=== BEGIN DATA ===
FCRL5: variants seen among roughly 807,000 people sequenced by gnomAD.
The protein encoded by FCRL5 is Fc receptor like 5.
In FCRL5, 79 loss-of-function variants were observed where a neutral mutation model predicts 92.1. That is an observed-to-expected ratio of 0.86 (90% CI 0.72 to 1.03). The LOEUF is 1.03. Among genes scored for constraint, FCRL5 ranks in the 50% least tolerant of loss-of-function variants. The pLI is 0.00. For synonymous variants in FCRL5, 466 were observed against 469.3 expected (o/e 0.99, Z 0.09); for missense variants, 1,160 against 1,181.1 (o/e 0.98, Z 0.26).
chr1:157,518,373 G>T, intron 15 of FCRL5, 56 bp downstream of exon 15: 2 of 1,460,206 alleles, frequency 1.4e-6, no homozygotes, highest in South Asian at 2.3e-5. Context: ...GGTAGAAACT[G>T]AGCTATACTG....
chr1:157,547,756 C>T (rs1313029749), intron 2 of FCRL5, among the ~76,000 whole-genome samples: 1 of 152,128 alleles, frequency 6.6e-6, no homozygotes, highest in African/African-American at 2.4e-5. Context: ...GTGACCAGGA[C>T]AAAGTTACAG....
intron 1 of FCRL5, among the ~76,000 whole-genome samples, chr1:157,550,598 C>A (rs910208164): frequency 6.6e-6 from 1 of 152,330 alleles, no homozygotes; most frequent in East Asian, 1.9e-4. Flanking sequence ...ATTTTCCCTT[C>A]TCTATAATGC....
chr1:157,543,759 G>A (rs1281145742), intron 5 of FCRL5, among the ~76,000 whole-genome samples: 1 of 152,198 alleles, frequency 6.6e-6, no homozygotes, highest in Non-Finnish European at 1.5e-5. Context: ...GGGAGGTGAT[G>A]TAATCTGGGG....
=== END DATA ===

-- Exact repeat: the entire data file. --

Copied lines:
FCRL5: variants seen among roughly 807,000 people sequenced by gnomAD.
The protein encoded by FCRL5 is Fc receptor like 5.
In FCRL5, 79 loss-of-function variants were observed where a neutral mutation model predicts 92.1. That is an observed-to-expected ratio of 0.86 (90% CI 0.72 to 1.03). The LOEUF is 1.03. Among genes scored for constraint, FCRL5 ranks in the 50% least tolerant of loss-of-function variants. The pLI is 0.00. For synonymous variants in FCRL5, 466 were observed against 469.3 expected (o/e 0.99, Z 0.09); for missense variants, 1,160 against 1,181.1 (o/e 0.98, Z 0.26).
chr1:157,518,373 G>T, intron 15 of FCRL5, 56 bp downstream of exon 15: 2 of 1,460,206 alleles, frequency 1.4e-6, no homozygotes, highest in South Asian at 2.3e-5. Context: ...GGTAGAAACT[G>T]AGCTATACTG....
chr1:157,547,756 C>T (rs1313029749), intron 2 of FCRL5, among the ~76,000 whole-genome samples: 1 of 152,128 alleles, frequency 6.6e-6, no homozygotes, highest in African/African-American at 2.4e-5. Context: ...GTGACCAGGA[C>T]AAAGTTACAG....
intron 1 of FCRL5, among the ~76,000 whole-genome samples, chr1:157,550,598 C>A (rs910208164): frequency 6.6e-6 from 1 of 152,330 alleles, no homozygotes; most frequent in East Asian, 1.9e-4. Flanking sequence ...ATTTTCCCTT[C>A]TCTATAATGC....
chr1:157,543,759 G>A (rs1281145742), intron 5 of FCRL5, among the ~76,000 whole-genome samples: 1 of 152,198 alleles, frequency 6.6e-6, no homozygotes, highest in Non-Finnish European at 1.5e-5. Context: ...GGGAGGTGAT[G>A]TAATCTGGGG....